The foodie’s piste: everything a gourmet needs to know about eating in Tirol’s Ischgl



On the 22nd and 23rd of April 2020, chefs, waiters and co. are fighting for the 12th time for Ski World Cup of Gastronomy Ischgl – on skis.

Ski-Wm der Gastronomie 2018

Ski-Wm der Gastronomie 2018;; @Ski-Wm der Gastronomie

Powered by article titled “The foodie’s piste: everything a gourmet needs to know about eating in Tirol’s Ischgl” was written by Catherine Cooper, for on Tuesday 29th October 2019 12.44 UTC

If there is a ski resort that takes its food seriously, it’s Ischgl. Not content with offering world-class skiing and a vibrant après-ski scene, this Tirolian village is home to eight restaurants with Michelin stars and/or Gault-Millau toques. It also hosts two special champagne-sponsored events for chefs and catering staff each year, attracting even more culinary talent to the resort.

“Ischgl is the best for food, the best for scenery and the best for wellness,” says Michelin-starred chef Martin Sieberer, who has worked in Ischgl for 23 years and runs two gourmet restaurants in the resort. “It also offers the best quality of life, the best après-ski and the best clubs and bars.”

The best of the best
If you’re in the resort towards the end of April, you can watch the 23rd Chefs’ Star Cup where approximately 50 award-winning chefs from the region battle it out on the slalom piste in an event sponsored by Laurent-Perrier, followed by a live cookery demonstration at 2,300 metres high and a gala dinner. And a few days later, there’s the 12th Ski World Cup of Gastronomy – a similar race, not just for chefs but waiters, sommeliers and more.

Sternecup 16.4.2018, Ski Rennen
At the Chefs’ Star Cup, chefs battle it out on the slalom piste before running live cookery demonstrations. Photograph: TVB Paznaun-Ischgl

About 300 to 350 skiers and snowboarders from up to 13 countries working in gastronomy compete in the skiing races, plus there’s a stage with cookery demonstrations, wine and champagne tasting, cocktail-mixing shows and more. “We chose Ischgl for the event as it’s one of the best ski resorts in Austria, with 240km of slopes, great restaurants and a big après-ski scene – it’s also the one that drinks the most champagne!” says Thomas Schreiner, general manager for Champagne Laurent-Perrier, Germany. “We’ve managed to establish the Ski World Cup of Gastronomy as the international meeting point of the entire culinary industry. This event allows our colleagues to connect in a fun and relaxed atmosphere. They are coming to ski and to celebrate.”

Paznaunerstube Zerbrechliche pikante Ringlotte mit Gänseleber
Paznaunerstube focuses on light, innovative cuisine and menus of up to six courses. Photograph: Trofana Royal Hotel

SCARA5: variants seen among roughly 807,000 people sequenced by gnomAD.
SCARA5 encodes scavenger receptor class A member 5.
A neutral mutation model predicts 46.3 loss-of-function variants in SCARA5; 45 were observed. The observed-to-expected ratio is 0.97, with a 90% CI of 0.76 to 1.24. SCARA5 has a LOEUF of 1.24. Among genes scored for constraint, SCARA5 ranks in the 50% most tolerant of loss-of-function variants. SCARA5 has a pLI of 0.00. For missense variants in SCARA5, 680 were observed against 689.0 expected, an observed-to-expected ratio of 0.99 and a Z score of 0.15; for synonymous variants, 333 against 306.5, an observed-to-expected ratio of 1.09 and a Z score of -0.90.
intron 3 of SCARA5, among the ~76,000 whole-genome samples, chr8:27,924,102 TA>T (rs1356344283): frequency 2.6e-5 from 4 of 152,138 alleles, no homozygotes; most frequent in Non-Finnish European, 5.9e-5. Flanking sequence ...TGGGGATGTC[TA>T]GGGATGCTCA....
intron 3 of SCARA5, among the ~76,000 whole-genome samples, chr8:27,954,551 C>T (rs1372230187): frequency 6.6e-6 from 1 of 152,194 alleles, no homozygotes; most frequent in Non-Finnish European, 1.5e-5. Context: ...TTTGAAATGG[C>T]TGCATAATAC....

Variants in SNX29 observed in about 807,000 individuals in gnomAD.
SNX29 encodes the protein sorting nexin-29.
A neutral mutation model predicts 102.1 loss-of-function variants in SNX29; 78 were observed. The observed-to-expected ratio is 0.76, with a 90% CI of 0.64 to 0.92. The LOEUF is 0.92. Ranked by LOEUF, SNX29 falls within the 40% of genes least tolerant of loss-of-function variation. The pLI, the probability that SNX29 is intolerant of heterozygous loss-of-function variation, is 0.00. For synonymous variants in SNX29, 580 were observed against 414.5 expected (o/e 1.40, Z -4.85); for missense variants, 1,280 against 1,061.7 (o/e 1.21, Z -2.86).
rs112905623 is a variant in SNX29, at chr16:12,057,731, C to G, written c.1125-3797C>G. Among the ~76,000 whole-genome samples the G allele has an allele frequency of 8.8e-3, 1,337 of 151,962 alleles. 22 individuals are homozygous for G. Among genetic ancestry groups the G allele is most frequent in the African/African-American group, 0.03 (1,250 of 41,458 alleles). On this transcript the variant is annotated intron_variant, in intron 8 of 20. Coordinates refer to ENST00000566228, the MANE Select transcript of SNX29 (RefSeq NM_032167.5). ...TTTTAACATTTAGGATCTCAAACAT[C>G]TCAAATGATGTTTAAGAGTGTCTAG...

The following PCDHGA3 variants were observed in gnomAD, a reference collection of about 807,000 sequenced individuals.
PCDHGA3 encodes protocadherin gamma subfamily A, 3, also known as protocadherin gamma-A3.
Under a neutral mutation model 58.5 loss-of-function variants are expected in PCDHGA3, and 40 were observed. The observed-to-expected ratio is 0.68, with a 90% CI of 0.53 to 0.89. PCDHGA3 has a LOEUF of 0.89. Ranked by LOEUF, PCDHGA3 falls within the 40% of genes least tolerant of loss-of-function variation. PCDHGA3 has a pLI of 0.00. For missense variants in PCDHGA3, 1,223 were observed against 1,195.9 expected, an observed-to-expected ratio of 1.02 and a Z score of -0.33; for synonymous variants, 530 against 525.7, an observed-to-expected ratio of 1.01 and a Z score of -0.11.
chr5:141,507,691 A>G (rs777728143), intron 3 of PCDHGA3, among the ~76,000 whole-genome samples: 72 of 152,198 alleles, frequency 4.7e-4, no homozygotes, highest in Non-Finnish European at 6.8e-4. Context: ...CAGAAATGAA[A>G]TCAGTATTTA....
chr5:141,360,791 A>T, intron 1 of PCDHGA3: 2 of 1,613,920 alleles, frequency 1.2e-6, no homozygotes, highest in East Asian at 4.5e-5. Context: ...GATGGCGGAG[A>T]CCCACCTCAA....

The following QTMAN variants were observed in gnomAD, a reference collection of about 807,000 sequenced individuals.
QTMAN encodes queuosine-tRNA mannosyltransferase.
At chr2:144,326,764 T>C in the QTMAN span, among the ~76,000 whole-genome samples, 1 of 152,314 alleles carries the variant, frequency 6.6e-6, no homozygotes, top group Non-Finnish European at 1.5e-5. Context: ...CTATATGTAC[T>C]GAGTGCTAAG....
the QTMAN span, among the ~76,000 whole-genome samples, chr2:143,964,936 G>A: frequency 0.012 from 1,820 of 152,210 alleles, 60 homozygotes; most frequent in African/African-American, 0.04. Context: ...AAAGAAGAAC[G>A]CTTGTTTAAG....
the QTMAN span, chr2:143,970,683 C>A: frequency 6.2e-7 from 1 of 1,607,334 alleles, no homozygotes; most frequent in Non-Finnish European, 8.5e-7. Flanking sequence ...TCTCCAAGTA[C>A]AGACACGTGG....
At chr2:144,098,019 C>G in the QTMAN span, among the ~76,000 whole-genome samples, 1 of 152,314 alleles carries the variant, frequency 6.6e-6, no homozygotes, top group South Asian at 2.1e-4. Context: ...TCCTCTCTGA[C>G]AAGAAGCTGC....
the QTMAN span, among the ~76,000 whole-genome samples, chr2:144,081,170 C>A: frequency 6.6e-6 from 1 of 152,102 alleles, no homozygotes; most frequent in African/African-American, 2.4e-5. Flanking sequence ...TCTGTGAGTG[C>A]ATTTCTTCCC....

Top restaurants
Chef Sieberer has two toque-awarded restaurants at the five-star Trofana Royal Hotel that serve traditional Austrian cuisine with a twist – Paznaunerstube focuses on light, innovative cuisine and menus of up to six courses, while Heimatbühne has a “grandma’s kitchen” ambience with traditional roasts, schnitzel, checked tablecloths and flowery crockery. And wine lovers won’t be disappointed – the hotel’s cellar is stocked with more than 25,000 bottles of wine.

Restaurant Stüva at the Hotel Yscla is run by chef Benjamin Parth. He won his first toque aged 19 and was named Gault & Millau’s chef of the year this year, as well as gaining three toques for the restaurant. The intimate restaurant, with just 11 tables, serves tasting menus of up to seven courses and is also famed for its cheese trolley created by Bernard Antony, perhaps the most famous affineur in the world.

And while many of the top restaurants in Ischgl specialise in the region’s cuisine, others are more international in flavour. Lucy Wang restaurant serves an Asian/French fusion menu with everything from sushi and black cod with wakame to rib-eye steak with pommes frites and béarnaise sauce.

Salaas is one of Ischgl’s highest restaurants at 2,456 metres
Salaas is one of Ischgl’s highest restaurants at 2,456 metres. Photograph: TVB Paznaun-Ischgl

Enjoy food on a budget
But if you don’t want to eat toque-awarded food every day, there are plenty of other tasty options. At the futuristic Salaas, one of Ischgl’s highest restaurants at 2,456 metres, you can enjoy Swiss specialities such as fondue and raclette before relaxing and enjoying the view in the Skyline bar or outside on the deckchairs on a sunny day. Or for something more traditional, the wood and stone-built Vider Alp serves hearty Austrian dishes and is well-known for its cheese and meat fondues.

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Away from the slopes and back in the town, there’s a huge variety of après-ski for all tastes Photograph: TVB Paznaun-Ischgl

As the sun goes down
By mid-afternoon, when your thoughts turn to après-ski, head for the Paznauner Taja mountain hut, where there are hot and cold drinks, fresh chicken from the grill and live DJs. Away from the slopes and back in the town, there’s also a huge variety of après-ski for all tastes. Pacha at the Hotel Madlein is like a little taste of Ibiza in the mountains, Niki’s Stadl, which has been running for more than 30 years, has a bierkeller vibe, and high-rollers will enjoy the Champagnerhütte at the Schlosshotel, where you can drink champagne and dance until the early hours in a bar that looks like a traditional hut. Ischgl is also well-known for its Top of the Mountain concerts – usually three each season (opening, closing and Easter) and with up to 25,000 guests.

Whatever your tastes and budget, you won’t struggle to eat well in Ischgl.

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